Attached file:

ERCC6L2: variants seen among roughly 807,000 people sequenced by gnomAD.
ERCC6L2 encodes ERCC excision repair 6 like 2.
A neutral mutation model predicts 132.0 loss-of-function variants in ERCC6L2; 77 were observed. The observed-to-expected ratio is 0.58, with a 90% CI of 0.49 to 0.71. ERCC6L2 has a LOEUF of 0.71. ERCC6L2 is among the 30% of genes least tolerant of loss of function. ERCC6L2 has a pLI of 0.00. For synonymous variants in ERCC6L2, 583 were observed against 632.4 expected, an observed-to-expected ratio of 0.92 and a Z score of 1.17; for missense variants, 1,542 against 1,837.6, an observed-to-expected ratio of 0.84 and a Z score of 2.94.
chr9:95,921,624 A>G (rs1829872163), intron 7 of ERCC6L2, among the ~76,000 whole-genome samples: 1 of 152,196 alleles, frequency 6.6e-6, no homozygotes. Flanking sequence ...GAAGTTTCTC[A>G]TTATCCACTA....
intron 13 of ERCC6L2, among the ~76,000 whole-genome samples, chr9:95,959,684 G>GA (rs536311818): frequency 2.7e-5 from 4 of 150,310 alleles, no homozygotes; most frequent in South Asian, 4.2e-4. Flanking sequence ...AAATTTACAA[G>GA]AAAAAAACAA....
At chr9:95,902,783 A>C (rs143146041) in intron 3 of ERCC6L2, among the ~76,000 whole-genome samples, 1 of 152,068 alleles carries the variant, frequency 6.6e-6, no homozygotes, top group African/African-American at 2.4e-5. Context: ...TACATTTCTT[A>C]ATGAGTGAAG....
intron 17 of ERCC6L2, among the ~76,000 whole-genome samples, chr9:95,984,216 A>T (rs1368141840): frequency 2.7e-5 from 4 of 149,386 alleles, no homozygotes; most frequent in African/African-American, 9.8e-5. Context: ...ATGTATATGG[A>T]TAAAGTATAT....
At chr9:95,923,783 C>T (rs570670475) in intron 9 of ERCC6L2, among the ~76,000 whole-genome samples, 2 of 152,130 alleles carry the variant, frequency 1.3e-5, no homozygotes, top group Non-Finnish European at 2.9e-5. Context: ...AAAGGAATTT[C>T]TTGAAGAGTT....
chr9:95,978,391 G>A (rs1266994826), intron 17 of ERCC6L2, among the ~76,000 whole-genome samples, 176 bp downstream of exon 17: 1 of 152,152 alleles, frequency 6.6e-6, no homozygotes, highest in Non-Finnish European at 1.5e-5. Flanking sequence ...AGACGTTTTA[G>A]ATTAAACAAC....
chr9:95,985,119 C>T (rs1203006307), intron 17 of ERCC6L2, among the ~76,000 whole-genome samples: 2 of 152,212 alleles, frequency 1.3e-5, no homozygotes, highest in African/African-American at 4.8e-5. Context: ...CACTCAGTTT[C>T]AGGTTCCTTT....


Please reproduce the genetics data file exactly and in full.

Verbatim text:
ERCC6L2: variants seen among roughly 807,000 people sequenced by gnomAD.
ERCC6L2 encodes ERCC excision repair 6 like 2.
A neutral mutation model predicts 132.0 loss-of-function variants in ERCC6L2; 77 were observed. The observed-to-expected ratio is 0.58, with a 90% CI of 0.49 to 0.71. ERCC6L2 has a LOEUF of 0.71. ERCC6L2 is among the 30% of genes least tolerant of loss of function. ERCC6L2 has a pLI of 0.00. For synonymous variants in ERCC6L2, 583 were observed against 632.4 expected, an observed-to-expected ratio of 0.92 and a Z score of 1.17; for missense variants, 1,542 against 1,837.6, an observed-to-expected ratio of 0.84 and a Z score of 2.94.
chr9:95,921,624 A>G (rs1829872163), intron 7 of ERCC6L2, among the ~76,000 whole-genome samples: 1 of 152,196 alleles, frequency 6.6e-6, no homozygotes. Flanking sequence ...GAAGTTTCTC[A>G]TTATCCACTA....
intron 13 of ERCC6L2, among the ~76,000 whole-genome samples, chr9:95,959,684 G>GA (rs536311818): frequency 2.7e-5 from 4 of 150,310 alleles, no homozygotes; most frequent in South Asian, 4.2e-4. Flanking sequence ...AAATTTACAA[G>GA]AAAAAAACAA....
At chr9:95,902,783 A>C (rs143146041) in intron 3 of ERCC6L2, among the ~76,000 whole-genome samples, 1 of 152,068 alleles carries the variant, frequency 6.6e-6, no homozygotes, top group African/African-American at 2.4e-5. Context: ...TACATTTCTT[A>C]ATGAGTGAAG....
intron 17 of ERCC6L2, among the ~76,000 whole-genome samples, chr9:95,984,216 A>T (rs1368141840): frequency 2.7e-5 from 4 of 149,386 alleles, no homozygotes; most frequent in African/African-American, 9.8e-5. Context: ...ATGTATATGG[A>T]TAAAGTATAT....
At chr9:95,923,783 C>T (rs570670475) in intron 9 of ERCC6L2, among the ~76,000 whole-genome samples, 2 of 152,130 alleles carry the variant, frequency 1.3e-5, no homozygotes, top group Non-Finnish European at 2.9e-5. Context: ...AAAGGAATTT[C>T]TTGAAGAGTT....
chr9:95,978,391 G>A (rs1266994826), intron 17 of ERCC6L2, among the ~76,000 whole-genome samples, 176 bp downstream of exon 17: 1 of 152,152 alleles, frequency 6.6e-6, no homozygotes, highest in Non-Finnish European at 1.5e-5. Flanking sequence ...AGACGTTTTA[G>A]ATTAAACAAC....
chr9:95,985,119 C>T (rs1203006307), intron 17 of ERCC6L2, among the ~76,000 whole-genome samples: 2 of 152,212 alleles, frequency 1.3e-5, no homozygotes, highest in African/African-American at 4.8e-5. Context: ...CACTCAGTTT[C>T]AGGTTCCTTT....